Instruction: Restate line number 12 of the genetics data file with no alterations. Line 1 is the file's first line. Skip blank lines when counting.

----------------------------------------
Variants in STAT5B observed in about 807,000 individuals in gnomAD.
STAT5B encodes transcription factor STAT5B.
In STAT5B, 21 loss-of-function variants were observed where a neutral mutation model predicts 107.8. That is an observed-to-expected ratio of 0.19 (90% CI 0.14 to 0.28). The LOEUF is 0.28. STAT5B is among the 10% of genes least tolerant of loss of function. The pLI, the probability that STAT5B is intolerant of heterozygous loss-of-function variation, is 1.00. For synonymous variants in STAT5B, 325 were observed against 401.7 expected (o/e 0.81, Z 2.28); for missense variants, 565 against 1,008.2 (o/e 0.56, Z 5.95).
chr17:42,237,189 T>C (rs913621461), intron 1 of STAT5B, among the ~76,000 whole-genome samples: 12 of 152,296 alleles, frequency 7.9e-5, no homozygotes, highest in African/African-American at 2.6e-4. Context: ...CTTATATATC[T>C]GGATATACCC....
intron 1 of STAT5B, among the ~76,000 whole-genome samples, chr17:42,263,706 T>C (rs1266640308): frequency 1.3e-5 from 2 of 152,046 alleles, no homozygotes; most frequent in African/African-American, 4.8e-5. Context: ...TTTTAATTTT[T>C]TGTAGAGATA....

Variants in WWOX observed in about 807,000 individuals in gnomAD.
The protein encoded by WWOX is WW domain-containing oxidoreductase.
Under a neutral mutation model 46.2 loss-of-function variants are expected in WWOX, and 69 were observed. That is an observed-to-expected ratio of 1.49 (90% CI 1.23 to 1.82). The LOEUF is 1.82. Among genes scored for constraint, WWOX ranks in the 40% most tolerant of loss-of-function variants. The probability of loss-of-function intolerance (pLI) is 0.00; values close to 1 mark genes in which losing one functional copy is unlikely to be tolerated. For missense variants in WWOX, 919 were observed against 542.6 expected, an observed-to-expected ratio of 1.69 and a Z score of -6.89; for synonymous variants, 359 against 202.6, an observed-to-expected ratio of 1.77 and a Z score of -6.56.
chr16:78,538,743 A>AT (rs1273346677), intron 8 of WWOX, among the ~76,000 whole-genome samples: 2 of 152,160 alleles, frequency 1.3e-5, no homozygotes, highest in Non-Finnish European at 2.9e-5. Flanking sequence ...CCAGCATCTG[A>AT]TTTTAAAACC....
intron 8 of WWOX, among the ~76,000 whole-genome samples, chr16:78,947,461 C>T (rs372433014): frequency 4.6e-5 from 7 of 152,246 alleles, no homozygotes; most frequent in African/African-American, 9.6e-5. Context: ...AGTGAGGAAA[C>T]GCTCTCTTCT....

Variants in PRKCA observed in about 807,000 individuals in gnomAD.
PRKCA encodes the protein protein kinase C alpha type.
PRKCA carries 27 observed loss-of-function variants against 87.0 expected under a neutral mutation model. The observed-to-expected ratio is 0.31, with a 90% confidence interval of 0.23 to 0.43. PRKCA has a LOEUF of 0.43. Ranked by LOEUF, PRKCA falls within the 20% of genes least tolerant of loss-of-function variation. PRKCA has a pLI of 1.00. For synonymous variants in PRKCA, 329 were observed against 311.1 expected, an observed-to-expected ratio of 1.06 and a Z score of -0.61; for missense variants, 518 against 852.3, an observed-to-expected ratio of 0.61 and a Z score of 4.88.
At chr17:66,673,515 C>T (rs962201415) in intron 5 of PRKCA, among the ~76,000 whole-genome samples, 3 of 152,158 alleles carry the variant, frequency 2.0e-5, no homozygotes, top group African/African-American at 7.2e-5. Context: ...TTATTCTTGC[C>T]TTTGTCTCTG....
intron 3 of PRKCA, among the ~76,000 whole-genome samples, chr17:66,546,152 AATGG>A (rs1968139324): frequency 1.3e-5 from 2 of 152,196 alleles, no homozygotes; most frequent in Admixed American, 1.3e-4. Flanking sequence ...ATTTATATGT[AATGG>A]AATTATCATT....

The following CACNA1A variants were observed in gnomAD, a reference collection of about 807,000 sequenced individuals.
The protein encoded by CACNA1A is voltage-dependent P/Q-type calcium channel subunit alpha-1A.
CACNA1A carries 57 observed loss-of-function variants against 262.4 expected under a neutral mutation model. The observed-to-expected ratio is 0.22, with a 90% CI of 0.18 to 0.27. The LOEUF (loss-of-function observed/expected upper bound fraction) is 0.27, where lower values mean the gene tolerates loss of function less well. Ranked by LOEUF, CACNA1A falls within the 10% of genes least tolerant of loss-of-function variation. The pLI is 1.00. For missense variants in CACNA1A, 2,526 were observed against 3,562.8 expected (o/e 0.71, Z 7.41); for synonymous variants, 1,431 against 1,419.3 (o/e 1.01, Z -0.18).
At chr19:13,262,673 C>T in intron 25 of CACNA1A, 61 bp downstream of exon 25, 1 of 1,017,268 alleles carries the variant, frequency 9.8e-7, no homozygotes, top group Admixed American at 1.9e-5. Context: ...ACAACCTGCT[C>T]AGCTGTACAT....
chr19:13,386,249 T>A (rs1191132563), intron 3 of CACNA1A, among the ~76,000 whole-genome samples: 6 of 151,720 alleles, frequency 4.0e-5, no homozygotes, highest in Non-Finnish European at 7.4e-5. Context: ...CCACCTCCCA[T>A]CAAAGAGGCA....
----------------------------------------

PRKCA encodes the protein protein kinase C alpha type.